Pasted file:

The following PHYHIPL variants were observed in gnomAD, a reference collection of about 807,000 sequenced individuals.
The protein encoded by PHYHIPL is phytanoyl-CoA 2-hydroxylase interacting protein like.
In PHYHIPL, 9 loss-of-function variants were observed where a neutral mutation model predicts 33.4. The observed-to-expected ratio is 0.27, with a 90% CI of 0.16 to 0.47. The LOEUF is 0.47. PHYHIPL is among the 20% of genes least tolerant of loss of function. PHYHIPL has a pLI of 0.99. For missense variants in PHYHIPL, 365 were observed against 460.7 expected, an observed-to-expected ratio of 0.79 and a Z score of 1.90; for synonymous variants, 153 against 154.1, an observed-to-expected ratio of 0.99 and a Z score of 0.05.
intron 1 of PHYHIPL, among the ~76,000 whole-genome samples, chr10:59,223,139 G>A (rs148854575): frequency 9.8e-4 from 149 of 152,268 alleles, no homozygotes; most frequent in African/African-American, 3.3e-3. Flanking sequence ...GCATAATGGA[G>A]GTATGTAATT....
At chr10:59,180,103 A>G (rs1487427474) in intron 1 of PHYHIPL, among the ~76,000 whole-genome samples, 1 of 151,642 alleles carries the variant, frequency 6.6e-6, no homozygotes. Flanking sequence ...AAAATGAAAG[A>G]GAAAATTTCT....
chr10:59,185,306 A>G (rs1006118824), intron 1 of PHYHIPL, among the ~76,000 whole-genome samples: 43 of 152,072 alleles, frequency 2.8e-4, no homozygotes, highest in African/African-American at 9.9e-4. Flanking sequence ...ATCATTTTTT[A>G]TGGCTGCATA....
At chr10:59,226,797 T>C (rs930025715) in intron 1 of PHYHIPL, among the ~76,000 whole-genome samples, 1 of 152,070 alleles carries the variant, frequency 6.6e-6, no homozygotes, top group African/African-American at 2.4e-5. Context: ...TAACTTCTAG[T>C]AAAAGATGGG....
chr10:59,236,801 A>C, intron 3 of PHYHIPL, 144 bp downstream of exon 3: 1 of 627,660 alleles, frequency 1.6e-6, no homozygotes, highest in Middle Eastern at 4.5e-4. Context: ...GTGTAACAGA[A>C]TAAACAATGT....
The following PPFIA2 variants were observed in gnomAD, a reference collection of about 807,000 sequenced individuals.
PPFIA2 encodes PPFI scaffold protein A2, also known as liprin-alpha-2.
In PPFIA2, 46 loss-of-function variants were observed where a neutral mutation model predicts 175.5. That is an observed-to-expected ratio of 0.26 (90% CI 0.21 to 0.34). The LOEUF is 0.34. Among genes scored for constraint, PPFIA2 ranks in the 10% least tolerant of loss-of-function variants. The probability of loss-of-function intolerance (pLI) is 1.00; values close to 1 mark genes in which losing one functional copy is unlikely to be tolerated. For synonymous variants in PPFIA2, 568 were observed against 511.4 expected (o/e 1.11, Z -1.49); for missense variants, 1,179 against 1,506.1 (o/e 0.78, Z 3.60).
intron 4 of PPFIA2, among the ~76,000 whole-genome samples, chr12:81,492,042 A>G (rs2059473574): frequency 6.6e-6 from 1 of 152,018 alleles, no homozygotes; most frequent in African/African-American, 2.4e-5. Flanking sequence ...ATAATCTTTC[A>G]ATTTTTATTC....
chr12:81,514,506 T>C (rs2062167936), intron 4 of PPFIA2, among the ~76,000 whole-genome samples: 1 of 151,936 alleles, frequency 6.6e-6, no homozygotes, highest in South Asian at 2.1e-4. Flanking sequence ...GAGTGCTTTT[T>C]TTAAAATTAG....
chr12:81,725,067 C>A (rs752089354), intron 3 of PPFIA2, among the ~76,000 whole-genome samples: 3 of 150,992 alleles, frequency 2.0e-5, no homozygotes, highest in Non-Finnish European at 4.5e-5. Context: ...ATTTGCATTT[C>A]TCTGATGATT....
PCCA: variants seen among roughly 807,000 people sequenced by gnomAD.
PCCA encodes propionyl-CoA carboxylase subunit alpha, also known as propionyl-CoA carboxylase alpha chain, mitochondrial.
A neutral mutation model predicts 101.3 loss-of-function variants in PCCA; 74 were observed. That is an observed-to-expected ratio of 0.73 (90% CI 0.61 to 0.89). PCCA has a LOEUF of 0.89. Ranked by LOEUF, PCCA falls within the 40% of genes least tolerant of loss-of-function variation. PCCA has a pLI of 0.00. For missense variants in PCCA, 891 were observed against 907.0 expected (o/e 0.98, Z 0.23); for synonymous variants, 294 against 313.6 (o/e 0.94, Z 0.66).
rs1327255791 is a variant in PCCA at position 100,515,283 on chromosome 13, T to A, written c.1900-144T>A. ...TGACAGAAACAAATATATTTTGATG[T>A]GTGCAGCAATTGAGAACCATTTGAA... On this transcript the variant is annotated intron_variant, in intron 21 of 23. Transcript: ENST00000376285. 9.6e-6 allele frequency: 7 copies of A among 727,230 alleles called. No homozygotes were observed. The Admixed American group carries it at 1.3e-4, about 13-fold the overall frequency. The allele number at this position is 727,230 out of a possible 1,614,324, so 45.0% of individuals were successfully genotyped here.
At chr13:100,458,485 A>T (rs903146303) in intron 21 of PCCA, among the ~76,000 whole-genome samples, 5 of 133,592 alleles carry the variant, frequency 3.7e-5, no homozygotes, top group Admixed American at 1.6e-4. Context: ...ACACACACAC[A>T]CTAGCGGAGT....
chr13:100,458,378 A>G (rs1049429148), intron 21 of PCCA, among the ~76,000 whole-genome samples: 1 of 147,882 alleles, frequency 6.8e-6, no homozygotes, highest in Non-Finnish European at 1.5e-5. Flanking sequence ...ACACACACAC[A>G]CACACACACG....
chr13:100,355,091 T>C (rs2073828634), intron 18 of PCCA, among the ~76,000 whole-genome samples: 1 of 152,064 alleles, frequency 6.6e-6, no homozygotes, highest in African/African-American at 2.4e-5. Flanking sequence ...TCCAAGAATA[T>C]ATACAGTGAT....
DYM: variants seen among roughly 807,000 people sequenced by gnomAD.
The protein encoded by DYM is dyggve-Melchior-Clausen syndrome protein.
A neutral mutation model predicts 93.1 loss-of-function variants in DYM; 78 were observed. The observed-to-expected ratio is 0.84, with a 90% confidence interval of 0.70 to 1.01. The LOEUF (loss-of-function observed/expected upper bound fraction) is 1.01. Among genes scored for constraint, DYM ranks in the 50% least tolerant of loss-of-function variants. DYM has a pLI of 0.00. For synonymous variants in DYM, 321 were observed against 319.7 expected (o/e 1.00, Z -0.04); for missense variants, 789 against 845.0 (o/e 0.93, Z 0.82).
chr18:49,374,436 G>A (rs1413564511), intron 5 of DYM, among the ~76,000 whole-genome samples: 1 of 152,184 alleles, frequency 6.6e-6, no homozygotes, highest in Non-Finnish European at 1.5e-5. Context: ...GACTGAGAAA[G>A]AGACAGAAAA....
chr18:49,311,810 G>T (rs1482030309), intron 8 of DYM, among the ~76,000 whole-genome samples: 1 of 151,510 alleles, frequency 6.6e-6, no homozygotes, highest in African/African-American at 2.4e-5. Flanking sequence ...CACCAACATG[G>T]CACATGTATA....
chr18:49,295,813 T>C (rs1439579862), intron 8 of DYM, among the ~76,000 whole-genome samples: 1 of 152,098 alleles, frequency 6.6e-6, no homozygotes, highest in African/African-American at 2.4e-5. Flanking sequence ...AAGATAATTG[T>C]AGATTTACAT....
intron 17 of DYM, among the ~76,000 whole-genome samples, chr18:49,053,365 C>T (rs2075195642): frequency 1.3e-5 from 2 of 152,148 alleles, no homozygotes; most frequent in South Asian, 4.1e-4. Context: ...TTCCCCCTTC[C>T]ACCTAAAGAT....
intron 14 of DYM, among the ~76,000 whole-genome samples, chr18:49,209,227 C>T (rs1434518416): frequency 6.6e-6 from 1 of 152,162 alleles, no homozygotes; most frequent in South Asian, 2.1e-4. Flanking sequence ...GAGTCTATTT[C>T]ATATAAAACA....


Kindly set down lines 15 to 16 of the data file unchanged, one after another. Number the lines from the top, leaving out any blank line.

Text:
PCCA: variants seen among roughly 807,000 people sequenced by gnomAD.
PCCA encodes propionyl-CoA carboxylase subunit alpha, also known as propionyl-CoA carboxylase alpha chain, mitochondrial.